It is June 1962. In a hotel on the Dorset coast, overlooking Chesil Beach, Edward and Florence, who got married that morning, are sitting down to dinner in their room. Neither is entirely able to suppress their anxieties about the wedding night to come...
On Chesil Beach is another masterwork from Ian McEwan - a story about how the entire course of a life can be changed by a gesture not made or a word not spoken
This was my first reading of anything by Ian McEwan, and while I haven't given up on the man's other works, yeah... this one definitely wasn't my cup o' tea. It's essentially the story of a freshly married couple, on the night of their wedding, having dinner and ho-humming around the upcoming consummation they are both expecting. Both of them being virgins, neither are sure how to properly proceed. The reader quickly sees that these two are nowhere near on the same page! On one hand, we have husband Edward super siked to throw down since throughout their entire courtship Florence was always very chaste, keeping Edward at arm's length at all times. Meanwhile, we also get a look into Florence's thoughts and find she is utterly ... not just terrified, but repulsed at the thought of being intimate with her husband. Yet she feels that by having gone through with the wedding ceremony, and by that the marriage, she is obligated to "perform" or "put out".
The premise is a good one, starting out anyway. But this story quickly became unbelievably dull. It's all inner thoughts, side glances, respective (and largely uninteresting) flashbacks to their lives before meeting each other (which to me, slowed the pace of the story waaaay down). Though one memory of Edward's did show that he had a long history of horndog nature! X-D He remembers of first meeting Florence, seeing her in a white dress with blue belt and getting aroused because he associated this with a nurse's uniform.
She wore a white cotton dress that flared out like a party frock, and a narrow blue leather belt tightly fastened around her waist. He thought for a moment she was a nurse -- in an abstract, conventional way he found nurses erotic because -- so he liked to fantasize -- they already knew everything about his body and its needs. She kissed him, not deeply, but teasingly, or so he thought. In these early days he considered there was just a small chance that she was one of those fabled girls from a nice home who would want to go all the way with him, and soon.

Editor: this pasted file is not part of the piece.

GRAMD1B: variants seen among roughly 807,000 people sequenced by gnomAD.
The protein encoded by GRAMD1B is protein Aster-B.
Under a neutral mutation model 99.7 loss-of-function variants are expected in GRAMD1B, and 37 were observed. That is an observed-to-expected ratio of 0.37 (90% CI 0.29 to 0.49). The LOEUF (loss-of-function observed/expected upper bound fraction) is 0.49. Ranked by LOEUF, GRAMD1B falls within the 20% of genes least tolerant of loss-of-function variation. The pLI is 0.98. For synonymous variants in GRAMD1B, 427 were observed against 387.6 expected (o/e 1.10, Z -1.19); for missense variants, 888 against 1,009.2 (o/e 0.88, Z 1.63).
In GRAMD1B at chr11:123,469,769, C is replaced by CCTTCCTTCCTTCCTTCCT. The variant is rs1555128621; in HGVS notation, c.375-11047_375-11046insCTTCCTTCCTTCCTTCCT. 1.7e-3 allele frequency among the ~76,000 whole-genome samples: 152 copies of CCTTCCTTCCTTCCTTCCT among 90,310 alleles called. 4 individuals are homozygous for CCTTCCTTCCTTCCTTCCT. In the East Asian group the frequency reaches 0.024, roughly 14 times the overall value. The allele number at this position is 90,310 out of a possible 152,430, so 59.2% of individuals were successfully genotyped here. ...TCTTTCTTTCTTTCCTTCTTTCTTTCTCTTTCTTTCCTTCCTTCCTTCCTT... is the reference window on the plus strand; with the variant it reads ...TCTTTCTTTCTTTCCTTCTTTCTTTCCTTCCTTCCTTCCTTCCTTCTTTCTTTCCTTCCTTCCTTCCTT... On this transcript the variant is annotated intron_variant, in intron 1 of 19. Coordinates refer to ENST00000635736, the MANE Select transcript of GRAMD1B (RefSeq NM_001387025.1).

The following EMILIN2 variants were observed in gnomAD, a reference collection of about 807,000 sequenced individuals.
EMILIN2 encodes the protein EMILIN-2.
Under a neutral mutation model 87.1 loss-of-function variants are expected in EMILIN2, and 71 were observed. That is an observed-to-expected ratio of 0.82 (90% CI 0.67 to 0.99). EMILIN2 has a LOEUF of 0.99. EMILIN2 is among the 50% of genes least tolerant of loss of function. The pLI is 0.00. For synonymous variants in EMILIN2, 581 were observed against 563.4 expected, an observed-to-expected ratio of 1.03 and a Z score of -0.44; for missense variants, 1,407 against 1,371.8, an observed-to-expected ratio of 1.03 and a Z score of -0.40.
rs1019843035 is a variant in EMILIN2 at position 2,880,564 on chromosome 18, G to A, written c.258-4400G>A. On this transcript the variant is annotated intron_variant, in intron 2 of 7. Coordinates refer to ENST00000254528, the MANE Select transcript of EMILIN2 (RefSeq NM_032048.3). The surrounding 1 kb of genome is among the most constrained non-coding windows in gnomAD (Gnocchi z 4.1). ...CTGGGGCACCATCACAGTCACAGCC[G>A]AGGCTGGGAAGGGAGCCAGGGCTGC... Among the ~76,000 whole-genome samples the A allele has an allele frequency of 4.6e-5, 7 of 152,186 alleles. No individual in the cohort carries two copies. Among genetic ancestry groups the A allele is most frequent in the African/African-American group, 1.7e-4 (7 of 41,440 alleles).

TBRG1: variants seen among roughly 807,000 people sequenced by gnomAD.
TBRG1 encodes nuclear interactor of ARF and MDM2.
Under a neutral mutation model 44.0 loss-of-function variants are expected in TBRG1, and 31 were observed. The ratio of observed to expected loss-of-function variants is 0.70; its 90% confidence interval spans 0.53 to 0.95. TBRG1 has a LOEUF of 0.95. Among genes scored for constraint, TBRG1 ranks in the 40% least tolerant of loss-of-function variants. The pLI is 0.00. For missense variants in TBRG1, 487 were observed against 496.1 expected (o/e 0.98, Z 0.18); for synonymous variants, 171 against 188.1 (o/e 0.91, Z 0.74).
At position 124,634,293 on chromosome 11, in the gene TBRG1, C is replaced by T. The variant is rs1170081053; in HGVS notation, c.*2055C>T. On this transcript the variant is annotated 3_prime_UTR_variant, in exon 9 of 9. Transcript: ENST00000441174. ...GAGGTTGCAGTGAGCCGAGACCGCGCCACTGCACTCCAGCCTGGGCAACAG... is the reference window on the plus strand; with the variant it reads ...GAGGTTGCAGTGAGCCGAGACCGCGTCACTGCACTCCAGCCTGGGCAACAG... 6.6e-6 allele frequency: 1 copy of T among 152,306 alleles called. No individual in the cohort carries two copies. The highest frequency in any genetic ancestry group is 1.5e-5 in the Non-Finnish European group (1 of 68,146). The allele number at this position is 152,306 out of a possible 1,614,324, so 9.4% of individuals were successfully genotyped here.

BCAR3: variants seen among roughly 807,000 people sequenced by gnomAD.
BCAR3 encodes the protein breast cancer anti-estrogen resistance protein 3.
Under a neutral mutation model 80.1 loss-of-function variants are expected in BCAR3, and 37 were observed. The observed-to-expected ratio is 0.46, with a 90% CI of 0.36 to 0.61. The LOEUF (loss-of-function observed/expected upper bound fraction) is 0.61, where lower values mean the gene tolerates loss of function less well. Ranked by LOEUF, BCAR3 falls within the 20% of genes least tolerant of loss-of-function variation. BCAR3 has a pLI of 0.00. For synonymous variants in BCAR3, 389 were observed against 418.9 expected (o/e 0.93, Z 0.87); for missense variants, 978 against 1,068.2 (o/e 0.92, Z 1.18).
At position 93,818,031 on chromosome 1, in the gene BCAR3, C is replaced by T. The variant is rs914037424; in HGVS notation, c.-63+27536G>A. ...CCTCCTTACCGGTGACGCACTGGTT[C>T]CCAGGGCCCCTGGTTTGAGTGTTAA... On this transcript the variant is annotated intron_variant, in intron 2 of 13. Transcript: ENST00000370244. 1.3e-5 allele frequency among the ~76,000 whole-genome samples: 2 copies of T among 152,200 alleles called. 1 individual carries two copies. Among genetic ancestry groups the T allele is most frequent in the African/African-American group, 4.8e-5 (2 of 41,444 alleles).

In Florence's thoughts we see that she does believe she loves Edward, in her own way. She loves when he speaks sweet words to her, sometimes even goes so far to allow him an innocent cuddle or chaste kiss, but anything beyond that seems to gross her out to no end. Her repulsion led me to believe she's possibly an asexual character, though it's not flat-out stated within the text.
The story slowly progresses past dinner talk with Edward attempting to french kiss his wife, an act that she allows out of sense of duty, but one that triggers her gag reflex. Seriously! She has to mentally tell herself not to throw up while her husband's tongue is in her mouth. Not a great start! And yet, she toys with the idea of how nice it might be to carry Edward's child. Ummm....
This I tell you brother,
You can't have one
Without the other
Meanwhile, Edward is trying to successfully push the make-out sesh up to "how do I get her on board with full-on fellatio?" Did I mention it was their first night together? Guy is not wasting any time! LOL About 85 pages into this 166 page (paperback edition) novella, Edward makes hints that he'd like the action to move to the bed. In what Florence considers a charitable act of her new wifedom, she makes the move to entice him to the bed (not much enticing needed, as you can imagine by now). They manage to start up something that sort of resembles sex but it is not romantic, not sexy. Which I could expect from a couple of virgins -- except that McEwan went so far as to just make it all over BLECH. Phrasing like Edward "teasing her perineum" and Florence noticing how hard Edward is "pounding her urethra". And this obsession Edward has over a stray hair... of that general region... Seriously the least appealing, most clinical sex scene I think I've ever read.
Then Edward suffers the embarassment of most male sex newbies, which completely traumatizes Florence (I thought she overreacted a bit myself), so much so that she bolts out of the room -- a decision that will forever affect the future relationship of Edward and Florence. There's a line in the story that I didn't quite agree with -- "Comedy is romantic poison" -- actually, if Florence could have learned to laugh off such situations, and if Edward could have learned to be patient and understanding of his new wife's fears & concerns -- damn, if they'd just talked a bit more about their hang-ups... but lessons of youth, eh?
When I wasn't cringing or shaking my head at this mess of a story, I was laughing at just how bad these scenes were. Without the cover & title page, I'd never think to associate this with such a respected novelist as Ian McEwan, but this one was just a big ol' dud potato for me.